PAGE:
Hillary Clinton officially became the first woman candidate for president by a major party this evening at the Democratic National Convention.
The delegate votes from South Dakota officially put Clinton over the top. After Vermont initially passed its votes on the floor, Senator Bernie Sanders announced a motion to suspend the rules and nominate Hillary Clinton as president via voice vote. The crowd screamed after being asked for everyone in favor of the motion to say, “Aye.” Read more »
Photo | Maria McGeary
The Philly REAL Justice Coalition drew over 300 people into the street for a march to Center City on Tuesday afternoon. Police were stationed in groups on street corners and several were mounted on bikes, awaiting the crowd. Protestors gathered at Diamond Street at 2 p.m. and marched through Temple University’s campus, then down the center of Broad Street to City Hall. Read more »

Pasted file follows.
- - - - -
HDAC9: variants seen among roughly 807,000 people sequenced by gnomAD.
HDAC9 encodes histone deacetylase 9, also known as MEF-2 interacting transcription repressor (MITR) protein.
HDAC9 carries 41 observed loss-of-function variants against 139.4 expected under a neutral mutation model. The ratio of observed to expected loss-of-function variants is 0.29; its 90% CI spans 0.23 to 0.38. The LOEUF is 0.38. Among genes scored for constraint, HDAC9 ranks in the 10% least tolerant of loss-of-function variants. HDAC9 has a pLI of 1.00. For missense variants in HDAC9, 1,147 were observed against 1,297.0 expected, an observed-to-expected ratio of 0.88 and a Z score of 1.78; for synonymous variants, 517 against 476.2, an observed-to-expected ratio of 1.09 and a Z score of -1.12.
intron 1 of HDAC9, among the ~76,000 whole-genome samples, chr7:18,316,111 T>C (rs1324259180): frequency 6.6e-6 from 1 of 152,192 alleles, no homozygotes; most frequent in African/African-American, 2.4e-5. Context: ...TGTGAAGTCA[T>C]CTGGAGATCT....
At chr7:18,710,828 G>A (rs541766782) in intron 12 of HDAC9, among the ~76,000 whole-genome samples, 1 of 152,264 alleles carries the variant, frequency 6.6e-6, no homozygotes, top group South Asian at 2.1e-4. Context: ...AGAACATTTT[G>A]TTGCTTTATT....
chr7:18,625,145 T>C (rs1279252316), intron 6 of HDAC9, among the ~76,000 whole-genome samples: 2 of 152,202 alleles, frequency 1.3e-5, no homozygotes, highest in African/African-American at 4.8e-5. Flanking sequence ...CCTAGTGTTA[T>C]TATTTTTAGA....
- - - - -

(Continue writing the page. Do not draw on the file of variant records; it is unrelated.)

I emerged from City Hall exit of the subway to the sound of Andean music and humid heat that aggressively wrapped itself around me, tight as a tourniquet. It was just after noon, and City Hall was bustling with protestors.
$15 minimum wage, climate change, TPP, socialism — the signs (and t-shirts) identified the groups as Bernie’s nation. People talked to passersby about people in America being one paycheck away from homelessness.
I had expected they’d be there, of course, but maybe not completely girding the venerable heart of Philadelphia. Most of them younger than me, many of them white — but by no means all. There was a big papier-mâché puppet of Berta Cáceres, the Honduran indigenous and environmental activist (and strong critic of Hillary Clinton’s actions during her stint as Secretary of State) killed in March of this year, as well as some signs held by Latinxs and African Americans for Bernie.
“This is what Democracy looks like.”
That was the chant of the largest grouping of protestors, one I struggled to transit through until a thoughtful young woman with an enormous backpack asked if I needed help, and opened the way for me. Nina Turner, a prominent Bernie supporter and CNN contributor, broke through the crowd at about the same time as I did. Like me, she seemed to be navigating Philadelphia’s streets not as a journalist, but as an observer of the mostly friendly, chaotic doings.